Abstract: Investors often experience the tension that exists between the desire to stick with a long-term financial strategy and the impulse to react to short-term market events. Of course, as the post-crisis paths of market amply demonstrate, financial data and investor psychology can often work at cross-purposes. We present probable solutions to both problems: building long-term financial strategy using goals-based processes, and managing short-term opportunities/constraints using a more dynamic asset allocation.
This talk fits the theme of Math Awareness Month "Mathematics statistics and the data deluge"

May 1, 2012: Noson Yanofsky (Brooklyn College)
Title: The Legacy of Epimenides: The Contemporary Consequences of a 2600 Year Old Paradox
Abstract: We shall examine Epimenides paradox which essentially says that the statement “This sentence is false” is true if and only if it is false. We shall show that this ancient self-referential paradox has the exact same format as some of the most interesting developments in modern mathematics and computer science. We will examine the paradox in light of the famous barber paradox, Russell’s naďve set theory paradox, Cantor’s different levels of infinity, Gödel’s incompleteness theorem, and Turing’s Halting problem.

May 3 (Thursday), 2012: Brett Bernstein (GETCO Securities)
Location: 1310N
Title: Market Making and Trading Puzzles
Abstract: An introduction to how market making works and a look at some puzzles that test your trading intuition.
This talk fits the theme of Math Awareness Month "Mathematics statistics and the data deluge"

May 10 (Thursday), 2012: Daniel Thengone (Weill Cornell Medical College/Brooklyn College Alumnus)
Location and Time: 1127N 12:30 - 1:30
Title: Statistical analyses used to understand brain dynamics
Abstract: In neuroscience, the dynamical patterns of electrical activity of neurons provide a crucial bridge between cellular and behavioral levels of analysis. An electroencephalogram (EEG) is a test that measures such electrical activity via electrodes placed on the surface of the brain. During the last decade or so, a significant amount of research has gone into the development of signal processing tools to quantify these voltages measured from these electrodes. These statistical methods have been developed into signal processing algorithms and have been used extensively to model such stochastic processes. Power spectral analysis is a well-established method for the analysis of EEG signals. Spectral parameters can be efficiently used to quantify brain states during awake and sleep state via characteristic features that emerge in the frequency domain. This method coupled with numerous statistical tests has been applied to understand the dynamics in voltage oscillations measured from the brain surface. This talk will provide a brief survey of the quantitative measures used for analyzing continuous process signals like EEG, and how these methods are used to examine dynamics of neuronal response and their relationship to behavior.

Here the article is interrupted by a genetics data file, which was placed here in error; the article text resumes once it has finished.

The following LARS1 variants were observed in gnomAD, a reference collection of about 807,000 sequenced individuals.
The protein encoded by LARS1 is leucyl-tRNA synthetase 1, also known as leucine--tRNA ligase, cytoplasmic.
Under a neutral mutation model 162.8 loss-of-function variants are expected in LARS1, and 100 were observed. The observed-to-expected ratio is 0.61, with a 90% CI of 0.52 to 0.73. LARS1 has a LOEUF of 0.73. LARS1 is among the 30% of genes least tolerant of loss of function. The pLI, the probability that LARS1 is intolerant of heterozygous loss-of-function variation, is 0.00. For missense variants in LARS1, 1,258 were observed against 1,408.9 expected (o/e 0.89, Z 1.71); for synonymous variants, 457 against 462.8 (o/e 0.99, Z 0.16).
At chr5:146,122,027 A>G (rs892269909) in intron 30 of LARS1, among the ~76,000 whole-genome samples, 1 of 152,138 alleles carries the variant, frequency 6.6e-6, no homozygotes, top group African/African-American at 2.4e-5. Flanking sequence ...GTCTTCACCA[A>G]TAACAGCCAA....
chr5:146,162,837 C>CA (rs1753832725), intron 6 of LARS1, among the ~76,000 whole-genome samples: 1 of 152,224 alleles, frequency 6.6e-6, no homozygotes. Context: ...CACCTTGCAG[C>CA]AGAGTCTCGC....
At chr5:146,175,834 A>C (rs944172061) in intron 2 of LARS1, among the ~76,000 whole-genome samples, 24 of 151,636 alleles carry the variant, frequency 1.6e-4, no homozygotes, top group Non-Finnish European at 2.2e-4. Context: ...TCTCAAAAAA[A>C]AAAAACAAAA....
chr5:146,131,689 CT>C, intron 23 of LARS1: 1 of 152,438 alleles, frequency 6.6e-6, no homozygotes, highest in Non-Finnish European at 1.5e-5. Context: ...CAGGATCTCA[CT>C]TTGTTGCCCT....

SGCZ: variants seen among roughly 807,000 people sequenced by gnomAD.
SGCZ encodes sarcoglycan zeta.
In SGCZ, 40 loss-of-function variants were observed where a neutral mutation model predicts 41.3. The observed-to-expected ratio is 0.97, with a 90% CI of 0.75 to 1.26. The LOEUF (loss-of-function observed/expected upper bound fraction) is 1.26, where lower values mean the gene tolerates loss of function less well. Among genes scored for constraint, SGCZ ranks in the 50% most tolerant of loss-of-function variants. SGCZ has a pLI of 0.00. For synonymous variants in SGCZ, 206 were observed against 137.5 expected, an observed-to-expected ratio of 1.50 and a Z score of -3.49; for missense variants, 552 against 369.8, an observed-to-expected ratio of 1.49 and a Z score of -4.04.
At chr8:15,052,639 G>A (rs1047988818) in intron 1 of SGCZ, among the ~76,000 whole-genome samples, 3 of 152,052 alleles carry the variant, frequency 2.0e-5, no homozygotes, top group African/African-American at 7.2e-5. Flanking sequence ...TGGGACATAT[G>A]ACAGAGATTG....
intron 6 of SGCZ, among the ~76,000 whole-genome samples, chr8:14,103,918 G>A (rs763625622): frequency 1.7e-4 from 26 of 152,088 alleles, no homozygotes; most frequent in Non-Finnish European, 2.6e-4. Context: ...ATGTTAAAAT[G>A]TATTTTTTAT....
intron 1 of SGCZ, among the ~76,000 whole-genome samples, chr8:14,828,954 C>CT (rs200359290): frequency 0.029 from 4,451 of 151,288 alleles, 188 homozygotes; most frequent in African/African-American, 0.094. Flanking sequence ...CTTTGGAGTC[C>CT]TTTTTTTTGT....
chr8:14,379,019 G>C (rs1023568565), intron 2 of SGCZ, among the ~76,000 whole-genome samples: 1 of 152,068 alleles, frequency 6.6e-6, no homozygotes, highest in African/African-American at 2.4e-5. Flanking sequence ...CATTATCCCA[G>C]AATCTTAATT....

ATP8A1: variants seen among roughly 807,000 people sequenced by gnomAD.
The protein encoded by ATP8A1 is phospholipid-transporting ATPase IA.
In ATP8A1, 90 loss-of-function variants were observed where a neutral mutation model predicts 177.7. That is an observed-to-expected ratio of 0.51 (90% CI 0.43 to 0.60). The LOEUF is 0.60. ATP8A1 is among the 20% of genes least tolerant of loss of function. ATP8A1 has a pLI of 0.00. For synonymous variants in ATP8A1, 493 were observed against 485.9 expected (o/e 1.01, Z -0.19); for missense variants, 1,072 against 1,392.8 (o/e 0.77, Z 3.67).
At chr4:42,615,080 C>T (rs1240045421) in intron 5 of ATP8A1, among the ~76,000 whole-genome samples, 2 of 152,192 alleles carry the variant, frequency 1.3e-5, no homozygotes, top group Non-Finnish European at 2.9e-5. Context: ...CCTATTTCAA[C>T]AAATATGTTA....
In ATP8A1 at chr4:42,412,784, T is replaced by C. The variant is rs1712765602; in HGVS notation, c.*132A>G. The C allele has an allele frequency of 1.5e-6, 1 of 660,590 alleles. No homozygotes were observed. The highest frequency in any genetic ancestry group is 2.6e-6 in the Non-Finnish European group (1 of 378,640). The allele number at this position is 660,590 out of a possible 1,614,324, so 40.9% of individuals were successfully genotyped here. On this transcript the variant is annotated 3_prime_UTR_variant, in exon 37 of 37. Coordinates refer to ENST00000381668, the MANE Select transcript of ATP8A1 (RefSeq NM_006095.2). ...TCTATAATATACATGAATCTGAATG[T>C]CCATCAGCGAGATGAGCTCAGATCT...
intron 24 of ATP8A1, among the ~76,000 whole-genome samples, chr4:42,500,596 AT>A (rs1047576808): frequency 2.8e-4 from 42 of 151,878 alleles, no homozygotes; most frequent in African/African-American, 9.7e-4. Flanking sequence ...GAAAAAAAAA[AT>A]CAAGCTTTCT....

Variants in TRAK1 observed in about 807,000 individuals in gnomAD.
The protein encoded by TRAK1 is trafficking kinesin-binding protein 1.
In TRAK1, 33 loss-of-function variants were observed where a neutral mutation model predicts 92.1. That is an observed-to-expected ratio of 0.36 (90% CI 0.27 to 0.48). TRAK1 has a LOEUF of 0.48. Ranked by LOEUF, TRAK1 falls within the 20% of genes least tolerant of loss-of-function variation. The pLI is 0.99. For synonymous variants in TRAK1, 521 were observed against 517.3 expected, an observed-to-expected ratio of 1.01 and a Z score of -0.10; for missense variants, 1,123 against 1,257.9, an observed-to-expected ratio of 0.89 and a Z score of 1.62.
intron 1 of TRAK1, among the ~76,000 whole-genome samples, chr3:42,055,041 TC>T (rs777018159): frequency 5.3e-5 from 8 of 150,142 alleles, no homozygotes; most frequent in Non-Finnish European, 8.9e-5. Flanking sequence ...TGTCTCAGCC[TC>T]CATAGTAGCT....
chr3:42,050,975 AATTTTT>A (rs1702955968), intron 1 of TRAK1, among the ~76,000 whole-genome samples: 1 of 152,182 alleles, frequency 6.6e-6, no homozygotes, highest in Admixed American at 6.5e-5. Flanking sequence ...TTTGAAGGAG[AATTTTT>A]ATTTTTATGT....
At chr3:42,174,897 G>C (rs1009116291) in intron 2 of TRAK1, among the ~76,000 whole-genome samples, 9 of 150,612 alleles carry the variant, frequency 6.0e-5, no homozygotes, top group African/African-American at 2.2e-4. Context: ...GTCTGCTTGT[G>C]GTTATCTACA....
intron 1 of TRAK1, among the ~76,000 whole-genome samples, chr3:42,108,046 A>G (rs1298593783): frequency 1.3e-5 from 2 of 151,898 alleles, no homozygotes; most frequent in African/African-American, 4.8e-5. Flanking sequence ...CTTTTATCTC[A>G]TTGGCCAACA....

This talk fits the theme of Math Awareness Month "Mathematics statistics and the data deluge"

May 15, 2012: Sandra Kingan (Brooklyn College)
Location and Time: 1141 N 12:30 pm - 1:30 pm
Title: Got techniques – looking for data
Abstract: The theme of Math Awareness month (April) this year was “Mathematics Statistics and the data deluge.” SIAM News has a front-page article titled Got Data: Now What that identifies the analysis of large data sets to provide understanding, and ultimately knowledge as one of the fundamental intellectual challenges of our time. While, Scientists have data and are looking for mathematical techniques to analyze their data, mathematicians, on the other hand, have techniques and are looking for data to try out their techniques. In this talk I will present the development and implementation of a course for math majors titled “Mathematical Methods for Analyzing Data.” Such a course has a built-in strong technology component as software is needed for handling data. But it also requires a strong civic engagement component because along with new applications come new ethical issues. Learning the mathematics in the context of difficult societal problems and thinking about how use it in an advocacy setting creates a much needed awareness of how mathematics applies to society. Moreover, students who take such a course are well-prepared to undertake an undergraduate student research project.
This talk fits the theme of Math Awareness Month "Mathematics statistics and the data deluge"